“All activities are geared toward prevention of the spread of COVID-19 under the enhanced community quarantine,” he said. The government has also banned visitations at the country’s jails and prisons.

Mr. Silva, one of 22 political prisoners who have sought judicial relief on humanitarian grounds, claims to be hypertensive and at high risk of dying in case he gets infected with the virus that has sickened more than 6,000 and killed about 400 people in the Philippines.

“The petitioners are praying for a fair chance at surviving the devastating impact of the COVID-19 outbreak in spaces that are not blighted with overcrowding and lack of access to hygiene measures and medical care,” according to a copy of their pleading.

Gabriel Chaklag, a spokesman for the BuCor, said on April 17 there were no confirmed COVID-19 cases at the national penitentiary in Muntinlupa City but nine inmates were being monitored.

“If ever infections arise, we have mechanisms in place to deal with that situation,” Mr. Chaklag said in a mobile phone message. “Firstly, we have isolation areas for quarantine purposes.”

He also said the bureau has partnered with hospitals in case prisoners need to be treated and hospitalized. “That is on top of our prevention measures in place.”

Justice Secretary Menardo I. Guevarra said the BuCor had taken “the necessary precautionary measures early on.”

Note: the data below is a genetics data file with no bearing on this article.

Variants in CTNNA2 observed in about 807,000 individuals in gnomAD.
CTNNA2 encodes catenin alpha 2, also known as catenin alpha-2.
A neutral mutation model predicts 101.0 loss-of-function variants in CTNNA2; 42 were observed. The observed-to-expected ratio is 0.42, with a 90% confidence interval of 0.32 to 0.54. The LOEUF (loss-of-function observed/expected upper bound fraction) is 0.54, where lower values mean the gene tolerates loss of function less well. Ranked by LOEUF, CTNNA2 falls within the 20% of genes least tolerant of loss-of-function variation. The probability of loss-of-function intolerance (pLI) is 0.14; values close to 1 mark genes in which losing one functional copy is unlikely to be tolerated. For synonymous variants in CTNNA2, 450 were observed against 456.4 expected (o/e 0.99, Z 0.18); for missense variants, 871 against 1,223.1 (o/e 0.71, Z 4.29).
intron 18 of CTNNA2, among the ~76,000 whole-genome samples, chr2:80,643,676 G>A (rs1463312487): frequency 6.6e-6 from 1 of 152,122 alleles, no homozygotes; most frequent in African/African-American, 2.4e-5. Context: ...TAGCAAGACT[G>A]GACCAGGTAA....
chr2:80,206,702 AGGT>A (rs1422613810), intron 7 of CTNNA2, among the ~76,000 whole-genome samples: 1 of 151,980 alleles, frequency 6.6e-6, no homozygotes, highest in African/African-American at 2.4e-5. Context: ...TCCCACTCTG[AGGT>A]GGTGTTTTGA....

“That’s why there have been only a few reported cases there. The DoJ is closely monitoring the situation there, and has recommended more stringent measures should there be any sign of a developing contagion,” he said in a mobile phone message.

Mr. Robertson noted that in countries like Thailand, Sri Lanka and the US, prisoners have rioted because they thought authorities were refusing to protect them from the virus that has sickened 2.5 million and killed more than 170,000 people worldwide.

He said the government should release prisoners only if they are detained for non-serious or nonviolent offenses.

“Top priority should go to older prisoners, particularly over the age of 60, and sick prisoners with underlying medical conditions such as cardiovascular disease, diabetes, chronic respiratory disease and cancer,” he said.

The government should also release inmates in pretrial detention and find alternatives to make sure they appear for trial, the HRW director said.